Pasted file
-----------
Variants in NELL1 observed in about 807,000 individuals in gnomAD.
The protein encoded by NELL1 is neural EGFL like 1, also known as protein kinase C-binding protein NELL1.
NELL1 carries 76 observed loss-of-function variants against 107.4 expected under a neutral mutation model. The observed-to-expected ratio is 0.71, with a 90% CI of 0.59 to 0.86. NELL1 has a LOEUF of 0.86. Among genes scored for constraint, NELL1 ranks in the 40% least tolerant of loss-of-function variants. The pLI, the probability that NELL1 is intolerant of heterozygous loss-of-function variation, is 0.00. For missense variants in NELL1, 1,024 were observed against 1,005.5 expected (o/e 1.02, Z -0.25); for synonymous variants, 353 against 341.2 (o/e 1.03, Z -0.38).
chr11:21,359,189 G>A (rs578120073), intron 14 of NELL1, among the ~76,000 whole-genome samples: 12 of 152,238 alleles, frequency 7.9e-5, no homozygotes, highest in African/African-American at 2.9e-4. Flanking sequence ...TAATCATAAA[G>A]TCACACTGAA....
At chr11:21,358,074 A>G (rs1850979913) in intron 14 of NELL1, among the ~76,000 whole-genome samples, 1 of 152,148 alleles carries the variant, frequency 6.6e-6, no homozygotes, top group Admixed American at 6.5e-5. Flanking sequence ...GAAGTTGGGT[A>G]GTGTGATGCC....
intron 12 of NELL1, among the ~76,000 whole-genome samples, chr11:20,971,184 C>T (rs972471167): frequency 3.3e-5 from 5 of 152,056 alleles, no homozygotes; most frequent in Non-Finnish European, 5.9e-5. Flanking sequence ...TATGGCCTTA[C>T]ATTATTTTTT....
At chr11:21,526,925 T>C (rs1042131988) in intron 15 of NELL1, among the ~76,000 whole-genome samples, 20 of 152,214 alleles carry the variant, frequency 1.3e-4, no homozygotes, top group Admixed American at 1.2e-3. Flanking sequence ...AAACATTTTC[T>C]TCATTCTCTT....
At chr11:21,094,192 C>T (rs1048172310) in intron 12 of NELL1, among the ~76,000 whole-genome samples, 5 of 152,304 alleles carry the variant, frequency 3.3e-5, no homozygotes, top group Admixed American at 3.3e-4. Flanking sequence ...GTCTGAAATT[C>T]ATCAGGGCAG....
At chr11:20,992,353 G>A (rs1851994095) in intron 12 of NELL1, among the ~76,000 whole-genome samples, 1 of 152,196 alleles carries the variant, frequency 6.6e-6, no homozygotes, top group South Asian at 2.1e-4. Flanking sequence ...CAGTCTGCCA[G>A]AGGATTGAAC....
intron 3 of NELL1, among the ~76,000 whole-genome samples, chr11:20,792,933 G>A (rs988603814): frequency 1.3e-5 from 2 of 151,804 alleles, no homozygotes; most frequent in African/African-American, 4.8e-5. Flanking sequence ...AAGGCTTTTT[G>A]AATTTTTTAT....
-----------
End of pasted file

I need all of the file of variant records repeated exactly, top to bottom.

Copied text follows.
Variants in NELL1 observed in about 807,000 individuals in gnomAD.
The protein encoded by NELL1 is neural EGFL like 1, also known as protein kinase C-binding protein NELL1.
NELL1 carries 76 observed loss-of-function variants against 107.4 expected under a neutral mutation model. The observed-to-expected ratio is 0.71, with a 90% CI of 0.59 to 0.86. NELL1 has a LOEUF of 0.86. Among genes scored for constraint, NELL1 ranks in the 40% least tolerant of loss-of-function variants. The pLI, the probability that NELL1 is intolerant of heterozygous loss-of-function variation, is 0.00. For missense variants in NELL1, 1,024 were observed against 1,005.5 expected (o/e 1.02, Z -0.25); for synonymous variants, 353 against 341.2 (o/e 1.03, Z -0.38).
chr11:21,359,189 G>A (rs578120073), intron 14 of NELL1, among the ~76,000 whole-genome samples: 12 of 152,238 alleles, frequency 7.9e-5, no homozygotes, highest in African/African-American at 2.9e-4. Flanking sequence ...TAATCATAAA[G>A]TCACACTGAA....
At chr11:21,358,074 A>G (rs1850979913) in intron 14 of NELL1, among the ~76,000 whole-genome samples, 1 of 152,148 alleles carries the variant, frequency 6.6e-6, no homozygotes, top group Admixed American at 6.5e-5. Flanking sequence ...GAAGTTGGGT[A>G]GTGTGATGCC....
intron 12 of NELL1, among the ~76,000 whole-genome samples, chr11:20,971,184 C>T (rs972471167): frequency 3.3e-5 from 5 of 152,056 alleles, no homozygotes; most frequent in Non-Finnish European, 5.9e-5. Flanking sequence ...TATGGCCTTA[C>T]ATTATTTTTT....
At chr11:21,526,925 T>C (rs1042131988) in intron 15 of NELL1, among the ~76,000 whole-genome samples, 20 of 152,214 alleles carry the variant, frequency 1.3e-4, no homozygotes, top group Admixed American at 1.2e-3. Flanking sequence ...AAACATTTTC[T>C]TCATTCTCTT....
At chr11:21,094,192 C>T (rs1048172310) in intron 12 of NELL1, among the ~76,000 whole-genome samples, 5 of 152,304 alleles carry the variant, frequency 3.3e-5, no homozygotes, top group Admixed American at 3.3e-4. Flanking sequence ...GTCTGAAATT[C>T]ATCAGGGCAG....
At chr11:20,992,353 G>A (rs1851994095) in intron 12 of NELL1, among the ~76,000 whole-genome samples, 1 of 152,196 alleles carries the variant, frequency 6.6e-6, no homozygotes, top group South Asian at 2.1e-4. Flanking sequence ...CAGTCTGCCA[G>A]AGGATTGAAC....
intron 3 of NELL1, among the ~76,000 whole-genome samples, chr11:20,792,933 G>A (rs988603814): frequency 1.3e-5 from 2 of 151,804 alleles, no homozygotes; most frequent in African/African-American, 4.8e-5. Flanking sequence ...AAGGCTTTTT[G>A]AATTTTTTAT....